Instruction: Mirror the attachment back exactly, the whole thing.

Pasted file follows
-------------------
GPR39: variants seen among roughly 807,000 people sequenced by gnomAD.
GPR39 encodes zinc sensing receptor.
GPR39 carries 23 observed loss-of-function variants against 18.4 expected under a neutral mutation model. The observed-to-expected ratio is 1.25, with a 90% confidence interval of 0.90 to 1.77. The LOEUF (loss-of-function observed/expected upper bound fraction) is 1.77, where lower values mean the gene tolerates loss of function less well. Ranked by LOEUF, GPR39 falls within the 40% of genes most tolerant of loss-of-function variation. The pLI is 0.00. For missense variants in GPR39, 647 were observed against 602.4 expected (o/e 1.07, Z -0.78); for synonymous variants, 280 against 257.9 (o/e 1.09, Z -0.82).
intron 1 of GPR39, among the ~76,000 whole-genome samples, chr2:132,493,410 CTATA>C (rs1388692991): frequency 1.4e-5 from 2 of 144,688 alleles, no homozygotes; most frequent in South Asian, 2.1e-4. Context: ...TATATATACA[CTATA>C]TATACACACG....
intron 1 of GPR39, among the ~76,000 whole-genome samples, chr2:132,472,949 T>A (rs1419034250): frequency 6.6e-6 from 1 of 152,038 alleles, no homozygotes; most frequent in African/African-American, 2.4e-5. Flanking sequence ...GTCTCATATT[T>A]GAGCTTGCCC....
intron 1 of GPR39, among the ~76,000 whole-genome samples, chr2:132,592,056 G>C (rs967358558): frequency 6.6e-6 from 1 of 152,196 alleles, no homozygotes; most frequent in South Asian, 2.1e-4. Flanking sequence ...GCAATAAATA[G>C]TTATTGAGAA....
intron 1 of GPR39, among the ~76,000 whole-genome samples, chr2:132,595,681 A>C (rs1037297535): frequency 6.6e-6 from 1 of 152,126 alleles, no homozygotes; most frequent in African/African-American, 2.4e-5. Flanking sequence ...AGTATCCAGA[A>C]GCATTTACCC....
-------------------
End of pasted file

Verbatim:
GPR39: variants seen among roughly 807,000 people sequenced by gnomAD.
GPR39 encodes zinc sensing receptor.
GPR39 carries 23 observed loss-of-function variants against 18.4 expected under a neutral mutation model. The observed-to-expected ratio is 1.25, with a 90% confidence interval of 0.90 to 1.77. The LOEUF (loss-of-function observed/expected upper bound fraction) is 1.77, where lower values mean the gene tolerates loss of function less well. Ranked by LOEUF, GPR39 falls within the 40% of genes most tolerant of loss-of-function variation. The pLI is 0.00. For missense variants in GPR39, 647 were observed against 602.4 expected (o/e 1.07, Z -0.78); for synonymous variants, 280 against 257.9 (o/e 1.09, Z -0.82).
intron 1 of GPR39, among the ~76,000 whole-genome samples, chr2:132,493,410 CTATA>C (rs1388692991): frequency 1.4e-5 from 2 of 144,688 alleles, no homozygotes; most frequent in South Asian, 2.1e-4. Context: ...TATATATACA[CTATA>C]TATACACACG....
intron 1 of GPR39, among the ~76,000 whole-genome samples, chr2:132,472,949 T>A (rs1419034250): frequency 6.6e-6 from 1 of 152,038 alleles, no homozygotes; most frequent in African/African-American, 2.4e-5. Flanking sequence ...GTCTCATATT[T>A]GAGCTTGCCC....
intron 1 of GPR39, among the ~76,000 whole-genome samples, chr2:132,592,056 G>C (rs967358558): frequency 6.6e-6 from 1 of 152,196 alleles, no homozygotes; most frequent in South Asian, 2.1e-4. Flanking sequence ...GCAATAAATA[G>C]TTATTGAGAA....
intron 1 of GPR39, among the ~76,000 whole-genome samples, chr2:132,595,681 A>C (rs1037297535): frequency 6.6e-6 from 1 of 152,126 alleles, no homozygotes; most frequent in African/African-American, 2.4e-5. Flanking sequence ...AGTATCCAGA[A>C]GCATTTACCC....